February 13 – Get a Different Name Day


About the Holiday

It can be fun to try out new names or special nicknames in forming your identity. For those who are not so fond of their birth name, choosing a new name offers comfort, control, and happiness. Actors, writers, and other creative types sometimes change their name to something that is more memorable, easier to say, is flashier, or has more cred. To celebrate today’s holiday, try on a few different names. If you were going to change yours, what would you pick?

My Name Is Not Isabella: Just How Big Can a Little Girl Dream?

Written by Jennifer Fosberry | Illustrated by Mike Litwin


Mom opens her daughter’s bedroom door with a cheery “‘Good morning, Isabella. It’s time to get up and out of bed.’” But the little girl yawns and stretches and most emphatically states, “‘My name is not Isabella!’” Mom plays along, wondering who has then been sleeping here. “‘My name is Sally,’” Isabelle states, “‘The greatest, toughest astronaut there ever was!’” Having Sally Ride in the house is fine with Mom, as long as she puts on her space suit and comes down for breakfast.


Image copyright Mike Litwin, 2010, text copyright Jennifer Fosberry, 2010. Courtesy of Sourcebook Jabberwocky.

When the little girl comes to the table, it seems she is no longer Sally. Hmmm… her mother says. She doesn’t know who will eat the delicious waffles she has made. Annie, the greatest, fastest sharpshooter, grabs the syrup and aims for her target.

Soon it’s time for school, but when the bus arrives, Annie is nowhere to be found. In her place is “‘Rosa, the greatest, bravest activist that ever was.’ ‘Well, Rosa’” her mother says, “‘March over there and take your seat on the bus.’” School ends, but the bus doesn’t drop off Rosa. Instead, the freshly made chocolate chip cookies will be enjoyed by “‘Marie, the greatest, smartest scientist who ever was.’”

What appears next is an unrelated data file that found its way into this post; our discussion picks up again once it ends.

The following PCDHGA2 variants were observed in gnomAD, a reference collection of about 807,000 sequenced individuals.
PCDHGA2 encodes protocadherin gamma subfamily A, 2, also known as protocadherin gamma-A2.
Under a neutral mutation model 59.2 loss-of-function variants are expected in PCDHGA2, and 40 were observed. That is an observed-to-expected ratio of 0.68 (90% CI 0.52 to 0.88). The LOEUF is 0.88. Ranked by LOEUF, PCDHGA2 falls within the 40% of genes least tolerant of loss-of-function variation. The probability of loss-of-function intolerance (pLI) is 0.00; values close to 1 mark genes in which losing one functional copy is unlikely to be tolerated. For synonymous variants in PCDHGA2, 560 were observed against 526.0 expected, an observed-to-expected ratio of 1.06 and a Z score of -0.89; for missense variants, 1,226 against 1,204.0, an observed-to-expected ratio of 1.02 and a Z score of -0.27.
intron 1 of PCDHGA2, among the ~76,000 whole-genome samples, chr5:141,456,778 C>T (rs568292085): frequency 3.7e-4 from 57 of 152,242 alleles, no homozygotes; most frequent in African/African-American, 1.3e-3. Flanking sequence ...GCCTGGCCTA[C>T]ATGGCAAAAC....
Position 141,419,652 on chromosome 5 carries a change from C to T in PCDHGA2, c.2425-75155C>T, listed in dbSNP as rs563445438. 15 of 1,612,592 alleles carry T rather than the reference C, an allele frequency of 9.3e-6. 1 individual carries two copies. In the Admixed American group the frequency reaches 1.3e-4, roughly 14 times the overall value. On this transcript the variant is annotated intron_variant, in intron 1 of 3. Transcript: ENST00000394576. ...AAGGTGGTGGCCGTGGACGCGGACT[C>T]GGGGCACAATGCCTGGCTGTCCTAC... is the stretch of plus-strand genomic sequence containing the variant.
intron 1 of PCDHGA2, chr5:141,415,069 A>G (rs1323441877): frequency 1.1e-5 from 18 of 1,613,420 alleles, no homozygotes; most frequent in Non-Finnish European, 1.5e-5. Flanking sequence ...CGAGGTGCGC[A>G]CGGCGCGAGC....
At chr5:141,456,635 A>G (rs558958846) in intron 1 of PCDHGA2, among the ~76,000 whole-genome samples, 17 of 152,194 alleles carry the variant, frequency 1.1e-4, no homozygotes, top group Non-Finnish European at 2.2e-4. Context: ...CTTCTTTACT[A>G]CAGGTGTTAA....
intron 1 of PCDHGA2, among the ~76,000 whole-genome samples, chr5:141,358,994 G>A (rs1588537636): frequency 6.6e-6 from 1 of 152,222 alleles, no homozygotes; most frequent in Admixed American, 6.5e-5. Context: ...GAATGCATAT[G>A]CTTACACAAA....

Image copyright Mike Litwin, 2010, text copyright Jennifer Fosberry, 2010. Courtesy of Sourcebook Jabberwocky.

Her mom is happy to see Marie and offers to get the cookies while Marie discovers the answers to her homework. Well, the cookies must fill Marie up, because when dinner rolls around, Elizabeth Blackwell shows up to set the table. At bath time, Elizabeth doesn’t feel like soaking in the relaxing bubbles, so she sends “‘Mommy, the greatest, sweetest mother who ever was,’” instead.


Image copyright Mike Litwin, 2010. Courtesy of Sourcebook Jabberwocky.

With pajamas on and teeth brushed the “little girl climbed into bed, [and] the mother says, “‘Good night, Mommy.’” But Mommy is standing near the starlit window, so who is sleeping in the little girl’s bed? “‘Isabella, the sweetest, kindest, smartest, bravest, fastest, toughest, greatest girl that ever was.’” And as she sleeps, she “dreamed about who she would be tomorrow.”


Image copyright Mike Litwin, 2010. Courtesy of Sourcebook Jabberwocky.

In Jennifer Fosberry’s inspiring story, it’s not that the little girl doesn’t want to be Isabella, it’s that she wants to be the best Isabella she can be. In thinking about her role in the world, she’s chosen to emulate five of the most amazing women the world has ever known—and that’s just on day one. Fosberry’s ending, with its view toward tomorrow, allows children to consider all of the influential women throughout history and working today as role models. Her inclusion of “Mommy” as one of Isabella’s heroines is a welcome tribute to the job of motherhood. After all, it’s clear from the way Isabella’s mother supports her daughter’s alter egos without a “Sally who? or a “Rosa who?” that she has taught Isabella about these “greatest” women. It’s just one lesson this mother—and all mothers—teach their children.

celebrate-picture-books-picture-book-review-my-name-is-not-isabella-isabella (2)

Mike Litwin will enchant readers with his colorful illustrations of Isabella and her transformations. Whimsical details and even the way Isabella’s stuffed toy mouse changes into a real companion for Sally, Rosa, Annie, Marie, and Elizabeth mirrors the power of imagination and education in the formation of a child’s identity and the discovery of their particular talents. Isabella is adorable with her purple hair—just another proof of her individuality—and inspirational in her can-do attitude